A new flavor of Wi-Fi, with longer range and better wall-piercing power, could show up in wireless gadgets a year from now if the Federal Communications Commission works out the last details of new spectrum rules that long have been in the making.
Nearly two years ago, the FCC voted to open up the airwaves between broadcast TV channels—so-called “white spaces”—for wireless broadband connections that would work like Wi-Fi on steroids. But wrangling over key technical details, including concerns about interference with TV signals and wireless microphones, has prevented exploitation of these spaces.
On Sept. 23, the FCC plans to vote on rules meant to resolve those issues. FCC Chairman Julius Genachowski predicts electronics makers will jump at this “super Wi-Fi” technology, as the agency calls it, and make it just as popular as conventional Wi-Fi.
“We’re hoping history will repeat itself,” Genachowski said. “White spaces are a big deal for consumers and for investment and innovation.”
The commission’s plan would make white spaces available for free, without specific permission, just as it already does for Wi-Fi and Bluetooth.
Last year’s transition from analog to digital television broadcasting freed up enough spectrum to make this possible, but the plan faced serious opposition from TV broadcasters worried that their signals could be disrupted. Wireless microphone manufacturers and users—including churches, schools, theaters, karaoke bars, and all types of performers—also raised concerns about interference.
To address these issues, the FCC has been working with broadcasters and white-spaces proponents to map TV channels across the country. The current FCC plan would require installers to configure white-spaces devices to use a frequency that’s vacant in their area—a white space. Alternatively, the devices themselves could figure out their location using such technologies as GPS; a database would then help the devices figure out the right frequencies for their area.
In addition, the agency hopes to set aside at least two channels for minor users of wireless microphones. And it plans to put big wireless microphone users, such as Broadway theaters and sports leagues, in the database, so devices would know to avoid their airwaves.
The upcoming FCC vote is a welcome development for some of the country’s biggest technology companies, including Google Inc., Microsoft Corp., and Dell Inc. The tech industry hopes that white-spaces networks will create a multibillion market for advanced wireless devices, including laptops, set-top boxes, and smart phones.
“We’ve all been chomping at the bit in the tech community … to get going with white spaces,” said Richard Whitt, Google’s Washington-based counsel for telecommunications and media. “These are highly valuable, open, unused airwaves.”
If all goes according to plan, Liam Quinn, chief technology officer for client business at Dell, expects to see “proof of concept” products at the Consumer Electronics Show in January, followed by early products in about a year and mass production a year after that.
White spaces are particularly well suited to providing broadband, tech companies say, because they can penetrate walls, have plenty of network capacity, and are able to cover large areas. According to Quinn, the signals can travel several miles and deliver internet speeds ranging from 15 to 20 megabits per second—as fast as a cable modem.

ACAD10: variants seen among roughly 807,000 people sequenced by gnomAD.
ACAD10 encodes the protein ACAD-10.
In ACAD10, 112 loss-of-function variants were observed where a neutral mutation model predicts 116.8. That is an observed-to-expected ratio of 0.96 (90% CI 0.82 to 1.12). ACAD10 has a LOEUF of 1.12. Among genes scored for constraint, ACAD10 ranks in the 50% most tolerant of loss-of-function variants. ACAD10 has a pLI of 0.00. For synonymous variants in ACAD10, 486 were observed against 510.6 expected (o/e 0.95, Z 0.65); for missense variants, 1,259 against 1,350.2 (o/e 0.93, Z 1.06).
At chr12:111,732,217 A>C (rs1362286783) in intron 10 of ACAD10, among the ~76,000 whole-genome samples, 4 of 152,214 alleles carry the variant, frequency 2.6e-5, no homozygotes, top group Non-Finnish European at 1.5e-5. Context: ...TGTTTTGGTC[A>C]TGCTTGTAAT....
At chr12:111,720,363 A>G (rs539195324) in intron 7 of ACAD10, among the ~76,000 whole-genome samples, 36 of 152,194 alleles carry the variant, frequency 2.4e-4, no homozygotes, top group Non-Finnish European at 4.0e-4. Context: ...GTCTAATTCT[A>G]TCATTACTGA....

Technology companies envision all sorts of uses for white spaces: providing emergency services in disaster zones and creating home wireless networks that can send video between television sets and computers, to name just a few possibilities.
Assuming the challenges of interference with wireless microphones can be worked out, the technology also could prove useful for schools to deliver wireless connections across their buildings or campuses that have enough bandwidth to support video and other robust applications. And it could be particularly useful for delivering wireless connectivity within older buildings where concrete walls and other barriers impede the strength of wireless signals.
Wilmington, N.C., one of a handful of U.S. communities testing the technology, is using white-spaces connections to send live video feeds from traffic and surveillance cameras.
The city’s network also gathers real-time data from a sensor in a remote part of the local watershed to monitor water quality and levels. Previously, Wilmington Mayor Bill Saffo said, the city had to send a worker out in a boat once a month to collect the data, as the city’s Wi-Fi network could not reach the sensor.
“There are a million and one possibilities for this spectrum,” Saffo said.
Neeraj Srivastava, a vice president at a Florida company called Spectrum Bridge Inc., noted that white-spaces networks could be used to bring high-speed internet access to remote corners of the country where the phone and cable companies don’t offer landline broadband. That’s a high priority for the FCC.
Indeed, Spectrum Bridge, which helped build the Wilmington network, also helped build a test system in rural Claudeville, Va., a community that had only dial-up internet and costly satellite-based broadband service before.
For now, it remains unclear whether the FCC’s plan for dealing with interference will go far enough for the broadcast industry, which wants the FCC to require that white-spaces devices include spectrum-sensing technology that can detect when airwaves already are being used. The FCC left that requirement out amid opposition from the tech industry.
“This is still a work in progress,” said David Donovan, head of the Association for Maximum Service Television, which handles technical issues facing broadcasters. “But we’re trying to make it work.”